- Social media advertising
- Window displays
- Direct offer promotions.
Direct offer promotions are defined as the recipient being given sufficient information to make an informed decision about whether or not to take up the offer, and having the means to apply for the product or service being offered. Direct offer sales are potentially high risk and are not suitable for all products or clients.
Financial promotions can be delivered in ‘real’ time or ‘non-real’ time.
Real time financial promotions are those which take place during a personal visit, telephone conversation or other interactive dialogue, such as a web chat or seminar.
A non-real time financial promotion is one that is not ‘interactive’, for example a newspaper article.
Understanding section 21
When getting to grips with financial promotions, it’s also worth flagging section 21 of the Financial Services and Markets Act.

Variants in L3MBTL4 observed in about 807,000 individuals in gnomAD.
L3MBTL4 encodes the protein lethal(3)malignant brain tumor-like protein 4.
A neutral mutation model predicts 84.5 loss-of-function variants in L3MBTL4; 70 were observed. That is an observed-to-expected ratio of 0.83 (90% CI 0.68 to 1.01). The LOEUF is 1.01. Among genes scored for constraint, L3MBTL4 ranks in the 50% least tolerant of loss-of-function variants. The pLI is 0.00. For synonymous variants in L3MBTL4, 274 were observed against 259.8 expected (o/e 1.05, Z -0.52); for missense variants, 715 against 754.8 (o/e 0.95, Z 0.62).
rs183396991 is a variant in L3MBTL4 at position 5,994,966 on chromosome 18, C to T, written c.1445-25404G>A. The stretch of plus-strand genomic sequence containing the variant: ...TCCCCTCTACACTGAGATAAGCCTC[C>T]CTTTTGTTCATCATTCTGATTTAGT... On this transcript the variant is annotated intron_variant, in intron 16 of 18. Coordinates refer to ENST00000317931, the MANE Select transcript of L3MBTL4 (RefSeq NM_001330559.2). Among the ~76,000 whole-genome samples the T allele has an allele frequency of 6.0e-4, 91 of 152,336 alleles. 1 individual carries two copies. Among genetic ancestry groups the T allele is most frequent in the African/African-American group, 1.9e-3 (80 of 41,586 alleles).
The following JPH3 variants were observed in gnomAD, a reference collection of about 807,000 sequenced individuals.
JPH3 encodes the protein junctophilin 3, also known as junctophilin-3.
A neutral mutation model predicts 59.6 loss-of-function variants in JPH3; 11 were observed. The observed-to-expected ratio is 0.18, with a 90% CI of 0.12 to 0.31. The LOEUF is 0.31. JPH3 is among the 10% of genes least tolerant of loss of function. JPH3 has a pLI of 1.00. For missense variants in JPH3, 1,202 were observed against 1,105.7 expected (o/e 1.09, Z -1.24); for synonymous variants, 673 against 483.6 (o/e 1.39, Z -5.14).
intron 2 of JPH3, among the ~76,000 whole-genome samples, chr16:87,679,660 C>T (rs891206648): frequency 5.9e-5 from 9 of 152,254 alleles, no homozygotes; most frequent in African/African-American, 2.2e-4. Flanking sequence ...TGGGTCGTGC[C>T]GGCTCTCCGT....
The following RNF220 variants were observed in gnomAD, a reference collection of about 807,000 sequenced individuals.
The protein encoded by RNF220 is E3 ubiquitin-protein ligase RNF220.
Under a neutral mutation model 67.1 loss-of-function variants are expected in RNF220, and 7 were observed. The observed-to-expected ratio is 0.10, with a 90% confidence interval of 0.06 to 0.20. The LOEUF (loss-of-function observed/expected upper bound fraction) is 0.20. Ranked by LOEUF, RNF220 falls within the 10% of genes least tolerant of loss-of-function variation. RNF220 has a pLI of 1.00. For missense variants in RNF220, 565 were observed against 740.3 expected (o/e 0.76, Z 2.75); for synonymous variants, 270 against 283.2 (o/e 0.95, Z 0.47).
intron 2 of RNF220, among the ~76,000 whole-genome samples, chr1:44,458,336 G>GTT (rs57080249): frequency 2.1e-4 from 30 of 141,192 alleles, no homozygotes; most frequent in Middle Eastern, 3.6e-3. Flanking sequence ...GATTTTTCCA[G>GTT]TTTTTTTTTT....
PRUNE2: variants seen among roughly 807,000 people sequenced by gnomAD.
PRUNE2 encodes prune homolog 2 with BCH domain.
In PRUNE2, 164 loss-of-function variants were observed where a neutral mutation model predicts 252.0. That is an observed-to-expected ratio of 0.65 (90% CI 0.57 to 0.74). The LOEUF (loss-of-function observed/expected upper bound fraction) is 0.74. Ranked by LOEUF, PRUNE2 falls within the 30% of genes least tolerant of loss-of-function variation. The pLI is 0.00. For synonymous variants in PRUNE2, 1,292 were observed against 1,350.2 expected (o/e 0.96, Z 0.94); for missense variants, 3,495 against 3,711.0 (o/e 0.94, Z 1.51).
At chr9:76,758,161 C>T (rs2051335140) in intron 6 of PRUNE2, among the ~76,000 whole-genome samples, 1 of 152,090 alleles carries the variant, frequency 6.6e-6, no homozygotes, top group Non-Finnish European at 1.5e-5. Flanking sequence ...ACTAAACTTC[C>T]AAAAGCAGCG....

This contains a restriction on the communication of financial promotions. It makes clear that a firm must only issue a promotion if it is authorised, if the content of the promotion has been approved by an authorised firm or if the promotion is deemed to be ‘exempt’ from the rules.
Most firms reading this will be FCA-authorised firms and therefore perfectly ok to issue financial promotions.
However, authorised firms may be approached by third parties such as introducers who aren’t FCA-authorised but wish to communicate a financial promotion to clients.
Such a firm is prohibited from doing so without the promotion being approved by an authorised firm (that is, you). This is known as a section 21 approval.
Providing this approval is a risk for an authorised firm, and the FCA has recently reiterated its expectations in this area.